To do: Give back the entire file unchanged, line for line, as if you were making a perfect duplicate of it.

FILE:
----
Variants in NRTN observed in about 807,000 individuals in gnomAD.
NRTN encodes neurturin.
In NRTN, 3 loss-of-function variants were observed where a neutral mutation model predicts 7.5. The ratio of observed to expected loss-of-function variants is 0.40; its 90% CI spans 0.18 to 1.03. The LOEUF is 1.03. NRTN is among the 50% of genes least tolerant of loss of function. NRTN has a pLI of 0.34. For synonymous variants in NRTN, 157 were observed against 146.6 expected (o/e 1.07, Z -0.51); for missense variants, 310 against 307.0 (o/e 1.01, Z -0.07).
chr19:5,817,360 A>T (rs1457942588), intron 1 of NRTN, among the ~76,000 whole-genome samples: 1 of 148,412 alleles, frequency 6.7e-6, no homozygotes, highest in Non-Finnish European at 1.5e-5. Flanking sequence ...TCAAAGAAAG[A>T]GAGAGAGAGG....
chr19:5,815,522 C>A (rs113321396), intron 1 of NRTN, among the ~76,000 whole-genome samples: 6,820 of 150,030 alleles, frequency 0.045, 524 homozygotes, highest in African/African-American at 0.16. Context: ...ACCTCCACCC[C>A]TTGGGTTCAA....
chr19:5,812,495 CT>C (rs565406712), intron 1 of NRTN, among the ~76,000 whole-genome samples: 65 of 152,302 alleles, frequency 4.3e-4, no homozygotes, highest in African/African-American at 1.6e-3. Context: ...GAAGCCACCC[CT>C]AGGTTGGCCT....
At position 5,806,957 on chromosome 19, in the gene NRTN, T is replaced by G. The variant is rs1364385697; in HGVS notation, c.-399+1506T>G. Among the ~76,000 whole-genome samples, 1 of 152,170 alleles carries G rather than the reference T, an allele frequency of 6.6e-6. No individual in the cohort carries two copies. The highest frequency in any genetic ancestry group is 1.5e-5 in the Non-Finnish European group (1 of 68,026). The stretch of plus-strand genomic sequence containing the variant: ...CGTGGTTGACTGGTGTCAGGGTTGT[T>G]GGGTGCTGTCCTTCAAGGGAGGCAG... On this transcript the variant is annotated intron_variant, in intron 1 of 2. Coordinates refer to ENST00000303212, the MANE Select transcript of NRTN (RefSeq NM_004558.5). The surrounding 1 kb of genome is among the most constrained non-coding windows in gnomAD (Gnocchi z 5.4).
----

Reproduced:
Variants in NRTN observed in about 807,000 individuals in gnomAD.
NRTN encodes neurturin.
In NRTN, 3 loss-of-function variants were observed where a neutral mutation model predicts 7.5. The ratio of observed to expected loss-of-function variants is 0.40; its 90% CI spans 0.18 to 1.03. The LOEUF is 1.03. NRTN is among the 50% of genes least tolerant of loss of function. NRTN has a pLI of 0.34. For synonymous variants in NRTN, 157 were observed against 146.6 expected (o/e 1.07, Z -0.51); for missense variants, 310 against 307.0 (o/e 1.01, Z -0.07).
chr19:5,817,360 A>T (rs1457942588), intron 1 of NRTN, among the ~76,000 whole-genome samples: 1 of 148,412 alleles, frequency 6.7e-6, no homozygotes, highest in Non-Finnish European at 1.5e-5. Flanking sequence ...TCAAAGAAAG[A>T]GAGAGAGAGG....
chr19:5,815,522 C>A (rs113321396), intron 1 of NRTN, among the ~76,000 whole-genome samples: 6,820 of 150,030 alleles, frequency 0.045, 524 homozygotes, highest in African/African-American at 0.16. Context: ...ACCTCCACCC[C>A]TTGGGTTCAA....
chr19:5,812,495 CT>C (rs565406712), intron 1 of NRTN, among the ~76,000 whole-genome samples: 65 of 152,302 alleles, frequency 4.3e-4, no homozygotes, highest in African/African-American at 1.6e-3. Context: ...GAAGCCACCC[CT>C]AGGTTGGCCT....
At position 5,806,957 on chromosome 19, in the gene NRTN, T is replaced by G. The variant is rs1364385697; in HGVS notation, c.-399+1506T>G. Among the ~76,000 whole-genome samples, 1 of 152,170 alleles carries G rather than the reference T, an allele frequency of 6.6e-6. No individual in the cohort carries two copies. The highest frequency in any genetic ancestry group is 1.5e-5 in the Non-Finnish European group (1 of 68,026). The stretch of plus-strand genomic sequence containing the variant: ...CGTGGTTGACTGGTGTCAGGGTTGT[T>G]GGGTGCTGTCCTTCAAGGGAGGCAG... On this transcript the variant is annotated intron_variant, in intron 1 of 2. Coordinates refer to ENST00000303212, the MANE Select transcript of NRTN (RefSeq NM_004558.5). The surrounding 1 kb of genome is among the most constrained non-coding windows in gnomAD (Gnocchi z 5.4).